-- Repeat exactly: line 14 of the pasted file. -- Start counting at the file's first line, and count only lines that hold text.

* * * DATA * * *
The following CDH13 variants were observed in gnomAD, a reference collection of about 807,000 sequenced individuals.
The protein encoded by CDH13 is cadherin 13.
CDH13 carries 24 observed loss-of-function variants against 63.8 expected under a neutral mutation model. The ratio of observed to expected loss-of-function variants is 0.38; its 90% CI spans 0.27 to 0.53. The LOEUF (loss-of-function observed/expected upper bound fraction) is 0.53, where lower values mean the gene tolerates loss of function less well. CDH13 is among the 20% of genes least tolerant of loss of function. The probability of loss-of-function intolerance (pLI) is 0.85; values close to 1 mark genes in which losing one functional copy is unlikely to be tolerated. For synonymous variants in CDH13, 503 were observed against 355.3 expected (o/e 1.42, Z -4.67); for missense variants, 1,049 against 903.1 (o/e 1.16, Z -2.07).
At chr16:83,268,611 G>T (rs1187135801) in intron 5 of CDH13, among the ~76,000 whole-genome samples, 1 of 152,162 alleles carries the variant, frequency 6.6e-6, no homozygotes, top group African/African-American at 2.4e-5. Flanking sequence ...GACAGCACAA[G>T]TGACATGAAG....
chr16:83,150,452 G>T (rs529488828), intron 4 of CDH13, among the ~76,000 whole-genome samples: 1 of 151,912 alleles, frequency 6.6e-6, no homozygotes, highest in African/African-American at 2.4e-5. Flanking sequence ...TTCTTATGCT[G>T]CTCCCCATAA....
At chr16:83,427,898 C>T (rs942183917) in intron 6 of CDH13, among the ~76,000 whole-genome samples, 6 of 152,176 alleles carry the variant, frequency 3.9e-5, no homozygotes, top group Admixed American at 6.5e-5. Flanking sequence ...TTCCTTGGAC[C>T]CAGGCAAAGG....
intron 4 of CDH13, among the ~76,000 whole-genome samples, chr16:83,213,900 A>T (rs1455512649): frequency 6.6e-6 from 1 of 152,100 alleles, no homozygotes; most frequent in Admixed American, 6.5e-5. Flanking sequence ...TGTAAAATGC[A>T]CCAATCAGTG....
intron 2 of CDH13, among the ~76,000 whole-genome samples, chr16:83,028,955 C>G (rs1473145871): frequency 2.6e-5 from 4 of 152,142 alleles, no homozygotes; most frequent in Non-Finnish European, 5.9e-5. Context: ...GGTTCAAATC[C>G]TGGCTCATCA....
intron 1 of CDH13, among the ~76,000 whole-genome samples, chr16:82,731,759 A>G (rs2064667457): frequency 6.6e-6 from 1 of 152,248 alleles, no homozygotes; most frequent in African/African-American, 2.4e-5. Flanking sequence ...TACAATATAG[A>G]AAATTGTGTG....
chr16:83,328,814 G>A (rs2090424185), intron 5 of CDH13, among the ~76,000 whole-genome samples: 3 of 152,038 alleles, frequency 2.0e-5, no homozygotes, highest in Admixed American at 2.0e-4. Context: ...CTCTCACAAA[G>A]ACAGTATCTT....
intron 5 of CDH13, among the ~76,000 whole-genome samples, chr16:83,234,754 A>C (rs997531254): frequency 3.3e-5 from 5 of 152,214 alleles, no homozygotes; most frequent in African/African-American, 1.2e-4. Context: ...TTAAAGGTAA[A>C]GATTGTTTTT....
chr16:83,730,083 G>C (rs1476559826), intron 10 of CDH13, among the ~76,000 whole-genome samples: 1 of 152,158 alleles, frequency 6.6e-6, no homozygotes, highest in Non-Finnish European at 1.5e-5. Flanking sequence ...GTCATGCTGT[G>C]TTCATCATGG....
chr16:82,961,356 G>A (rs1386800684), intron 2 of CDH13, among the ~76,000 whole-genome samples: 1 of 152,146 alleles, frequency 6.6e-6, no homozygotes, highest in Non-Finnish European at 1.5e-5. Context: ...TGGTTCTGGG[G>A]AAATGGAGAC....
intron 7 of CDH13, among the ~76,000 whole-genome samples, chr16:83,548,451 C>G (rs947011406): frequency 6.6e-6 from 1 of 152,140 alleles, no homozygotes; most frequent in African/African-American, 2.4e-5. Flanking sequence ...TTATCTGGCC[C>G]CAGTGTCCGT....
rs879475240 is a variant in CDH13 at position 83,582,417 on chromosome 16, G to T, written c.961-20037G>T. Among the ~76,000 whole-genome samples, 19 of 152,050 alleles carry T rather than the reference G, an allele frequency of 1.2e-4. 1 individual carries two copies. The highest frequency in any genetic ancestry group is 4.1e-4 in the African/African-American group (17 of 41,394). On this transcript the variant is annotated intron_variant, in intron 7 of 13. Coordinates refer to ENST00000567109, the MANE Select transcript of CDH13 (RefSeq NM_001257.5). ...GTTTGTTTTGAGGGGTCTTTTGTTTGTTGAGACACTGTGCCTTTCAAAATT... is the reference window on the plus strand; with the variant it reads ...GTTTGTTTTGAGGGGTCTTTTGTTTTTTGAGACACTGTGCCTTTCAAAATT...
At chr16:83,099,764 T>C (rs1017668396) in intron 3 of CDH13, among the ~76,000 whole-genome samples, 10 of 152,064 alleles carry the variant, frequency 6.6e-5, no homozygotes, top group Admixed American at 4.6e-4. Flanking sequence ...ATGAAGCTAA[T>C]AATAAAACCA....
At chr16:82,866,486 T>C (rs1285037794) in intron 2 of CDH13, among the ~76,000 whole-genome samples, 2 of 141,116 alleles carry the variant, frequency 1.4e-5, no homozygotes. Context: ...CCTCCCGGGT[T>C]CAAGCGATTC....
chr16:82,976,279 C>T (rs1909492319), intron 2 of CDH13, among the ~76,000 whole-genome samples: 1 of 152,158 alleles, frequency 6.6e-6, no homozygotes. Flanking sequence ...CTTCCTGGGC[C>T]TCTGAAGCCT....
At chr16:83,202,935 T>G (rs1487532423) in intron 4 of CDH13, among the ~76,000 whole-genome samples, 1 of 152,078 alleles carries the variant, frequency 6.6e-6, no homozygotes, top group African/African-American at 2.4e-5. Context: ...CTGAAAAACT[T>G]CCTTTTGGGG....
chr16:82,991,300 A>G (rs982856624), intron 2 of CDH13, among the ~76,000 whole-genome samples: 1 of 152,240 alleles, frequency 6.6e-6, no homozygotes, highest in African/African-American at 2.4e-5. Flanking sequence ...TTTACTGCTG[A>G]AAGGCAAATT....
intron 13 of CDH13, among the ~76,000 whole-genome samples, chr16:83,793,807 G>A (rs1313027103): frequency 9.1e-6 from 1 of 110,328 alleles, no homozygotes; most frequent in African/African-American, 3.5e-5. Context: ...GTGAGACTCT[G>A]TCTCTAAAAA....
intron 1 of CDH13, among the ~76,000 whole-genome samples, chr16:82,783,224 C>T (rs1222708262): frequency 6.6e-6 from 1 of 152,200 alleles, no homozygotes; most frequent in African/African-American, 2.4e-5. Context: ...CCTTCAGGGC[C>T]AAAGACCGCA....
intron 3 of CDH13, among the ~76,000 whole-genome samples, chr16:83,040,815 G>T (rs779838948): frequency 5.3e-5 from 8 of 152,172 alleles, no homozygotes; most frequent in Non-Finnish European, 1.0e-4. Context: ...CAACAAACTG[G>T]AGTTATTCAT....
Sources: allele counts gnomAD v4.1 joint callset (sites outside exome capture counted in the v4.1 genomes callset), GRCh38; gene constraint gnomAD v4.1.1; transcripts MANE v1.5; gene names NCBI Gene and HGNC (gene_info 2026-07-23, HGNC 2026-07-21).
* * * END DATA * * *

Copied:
intron 7 of CDH13, among the ~76,000 whole-genome samples, chr16:83,548,451 C>G (rs947011406): frequency 6.6e-6 from 1 of 152,140 alleles, no homozygotes; most frequent in African/African-American, 2.4e-5. Flanking sequence ...TTATCTGGCC[C>G]CAGTGTCCGT....